World’’s largest household study to unveil vital issues facing human communities

October 15th, 2008 - 4:47 pm ICT by ANI  

Washington, October 15 (ANI): A research council in the United Kingdom has launched the worlds largest ever household longitudinal study to understand how changes occurring in the ever-evolving societies affect human communities.
The Economic and Social Research Council (ESRC) hopes that the Understanding Society project will provide valuable new evidence to inform research on the vital issues facing our communities.
The initial funding of 15.5million dollars for the project comes from the Department of Innovation, Universities and Skills and the ESRC.
This project is said to eb the largest single investment in academic social research resources ever launched in the UK.
Initially, the study will be carried through to 2012, but it is believed that the project will continue for decades to come.
According to reports, the Understanding Society study will be the largest study of its type ever undertaken, anywhere in the world.
During the study, information will be collected from 100,000 individuals, across 40,000 households from across the country, from Lands End to the Highlands and Islands of Scotland.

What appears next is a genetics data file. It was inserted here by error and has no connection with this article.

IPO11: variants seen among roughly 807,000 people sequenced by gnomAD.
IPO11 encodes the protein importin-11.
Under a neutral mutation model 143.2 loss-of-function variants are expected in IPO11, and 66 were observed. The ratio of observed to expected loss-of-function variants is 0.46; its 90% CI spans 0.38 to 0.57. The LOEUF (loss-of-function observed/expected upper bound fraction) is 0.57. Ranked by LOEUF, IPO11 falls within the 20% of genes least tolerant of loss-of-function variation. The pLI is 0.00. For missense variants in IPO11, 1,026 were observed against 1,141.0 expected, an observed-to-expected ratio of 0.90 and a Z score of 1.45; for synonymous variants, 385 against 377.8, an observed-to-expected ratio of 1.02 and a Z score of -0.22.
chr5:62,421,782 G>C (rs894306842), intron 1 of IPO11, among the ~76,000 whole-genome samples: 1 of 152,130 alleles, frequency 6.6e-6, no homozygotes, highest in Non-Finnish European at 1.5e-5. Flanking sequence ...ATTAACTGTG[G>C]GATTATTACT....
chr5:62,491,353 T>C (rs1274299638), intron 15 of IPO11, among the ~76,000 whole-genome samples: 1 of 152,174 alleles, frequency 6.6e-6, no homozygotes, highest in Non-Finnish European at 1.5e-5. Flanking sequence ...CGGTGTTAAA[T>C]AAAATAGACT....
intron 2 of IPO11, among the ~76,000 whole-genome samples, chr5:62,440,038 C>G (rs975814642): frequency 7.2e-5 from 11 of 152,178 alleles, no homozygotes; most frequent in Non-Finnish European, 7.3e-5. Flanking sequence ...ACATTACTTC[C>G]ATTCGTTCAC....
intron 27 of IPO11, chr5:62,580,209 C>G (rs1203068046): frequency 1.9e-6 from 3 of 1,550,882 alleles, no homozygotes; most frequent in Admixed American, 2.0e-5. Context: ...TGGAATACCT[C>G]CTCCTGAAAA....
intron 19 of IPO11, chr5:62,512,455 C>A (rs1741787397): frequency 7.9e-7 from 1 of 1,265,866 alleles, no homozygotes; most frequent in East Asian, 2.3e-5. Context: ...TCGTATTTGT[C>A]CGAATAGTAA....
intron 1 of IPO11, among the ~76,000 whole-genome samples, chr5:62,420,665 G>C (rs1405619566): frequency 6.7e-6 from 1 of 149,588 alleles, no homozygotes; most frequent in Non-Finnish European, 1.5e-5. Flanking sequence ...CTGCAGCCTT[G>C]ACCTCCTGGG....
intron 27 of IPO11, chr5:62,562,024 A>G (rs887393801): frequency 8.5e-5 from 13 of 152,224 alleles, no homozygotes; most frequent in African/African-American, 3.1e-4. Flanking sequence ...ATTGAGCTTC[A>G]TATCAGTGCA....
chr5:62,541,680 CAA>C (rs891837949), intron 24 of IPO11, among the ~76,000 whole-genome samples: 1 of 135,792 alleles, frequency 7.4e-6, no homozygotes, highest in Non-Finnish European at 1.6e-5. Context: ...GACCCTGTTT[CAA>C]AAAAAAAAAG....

The information thus gathered will be analyzed to understand the long-term effects of social and economic change, and to develop new tools to study the impact of policy interventions on the well-being of the people.
Given the large sample size, the research project is expected to give a unique opportunity to explore issues for which other longitudinal surveys are too small to support effective research.
It will permit analysis of small subgroups, such as teenage parents or disabled people.
Speaking about the launch, Professor Ian Diamond, Chief Executive of the ESRC, said: “This is an exciting and important development that will increase our understanding of communities and society in general. The study will benefit policy researchers and policy makers in the UK, and researchers and research users in a wide range of academic and non-academic environments around the world.”
Understanding Society Director, Professor Nick Buck of University of Essex, said: “We are very pleased to lead this exciting project which will provide high quality longitudinal data about the people of the UK, their lives, experiences, behaviours and beliefs, and will enable an unprecedented understanding of diversity within the population. It represents the latest stage in the UK’’s uniquely successful tradition of longitudinal data and we aim to ensure it becomes a flagship resource for the research and user community in the UK and beyond.” (ANI)

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